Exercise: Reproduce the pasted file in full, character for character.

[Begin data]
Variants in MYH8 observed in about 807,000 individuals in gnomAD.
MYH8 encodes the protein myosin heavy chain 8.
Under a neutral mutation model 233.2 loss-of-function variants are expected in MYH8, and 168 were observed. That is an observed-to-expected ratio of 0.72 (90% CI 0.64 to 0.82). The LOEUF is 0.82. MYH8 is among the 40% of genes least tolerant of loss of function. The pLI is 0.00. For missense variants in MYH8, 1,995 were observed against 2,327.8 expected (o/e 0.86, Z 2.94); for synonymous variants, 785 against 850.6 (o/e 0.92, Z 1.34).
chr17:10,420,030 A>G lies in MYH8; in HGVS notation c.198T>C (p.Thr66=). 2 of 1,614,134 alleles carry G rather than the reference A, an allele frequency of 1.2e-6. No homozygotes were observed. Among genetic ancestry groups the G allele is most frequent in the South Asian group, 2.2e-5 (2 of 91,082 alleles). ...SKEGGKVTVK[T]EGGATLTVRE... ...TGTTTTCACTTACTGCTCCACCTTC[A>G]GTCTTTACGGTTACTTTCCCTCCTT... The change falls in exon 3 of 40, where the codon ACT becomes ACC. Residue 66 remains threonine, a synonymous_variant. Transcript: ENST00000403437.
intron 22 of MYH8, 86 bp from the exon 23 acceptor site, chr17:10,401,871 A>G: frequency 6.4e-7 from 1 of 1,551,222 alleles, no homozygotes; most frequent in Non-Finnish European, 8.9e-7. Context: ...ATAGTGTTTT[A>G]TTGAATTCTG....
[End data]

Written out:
Variants in MYH8 observed in about 807,000 individuals in gnomAD.
MYH8 encodes the protein myosin heavy chain 8.
Under a neutral mutation model 233.2 loss-of-function variants are expected in MYH8, and 168 were observed. That is an observed-to-expected ratio of 0.72 (90% CI 0.64 to 0.82). The LOEUF is 0.82. MYH8 is among the 40% of genes least tolerant of loss of function. The pLI is 0.00. For missense variants in MYH8, 1,995 were observed against 2,327.8 expected (o/e 0.86, Z 2.94); for synonymous variants, 785 against 850.6 (o/e 0.92, Z 1.34).
chr17:10,420,030 A>G lies in MYH8; in HGVS notation c.198T>C (p.Thr66=). 2 of 1,614,134 alleles carry G rather than the reference A, an allele frequency of 1.2e-6. No homozygotes were observed. Among genetic ancestry groups the G allele is most frequent in the South Asian group, 2.2e-5 (2 of 91,082 alleles). ...SKEGGKVTVK[T]EGGATLTVRE... ...TGTTTTCACTTACTGCTCCACCTTC[A>G]GTCTTTACGGTTACTTTCCCTCCTT... The change falls in exon 3 of 40, where the codon ACT becomes ACC. Residue 66 remains threonine, a synonymous_variant. Transcript: ENST00000403437.
intron 22 of MYH8, 86 bp from the exon 23 acceptor site, chr17:10,401,871 A>G: frequency 6.4e-7 from 1 of 1,551,222 alleles, no homozygotes; most frequent in Non-Finnish European, 8.9e-7. Context: ...ATAGTGTTTT[A>G]TTGAATTCTG....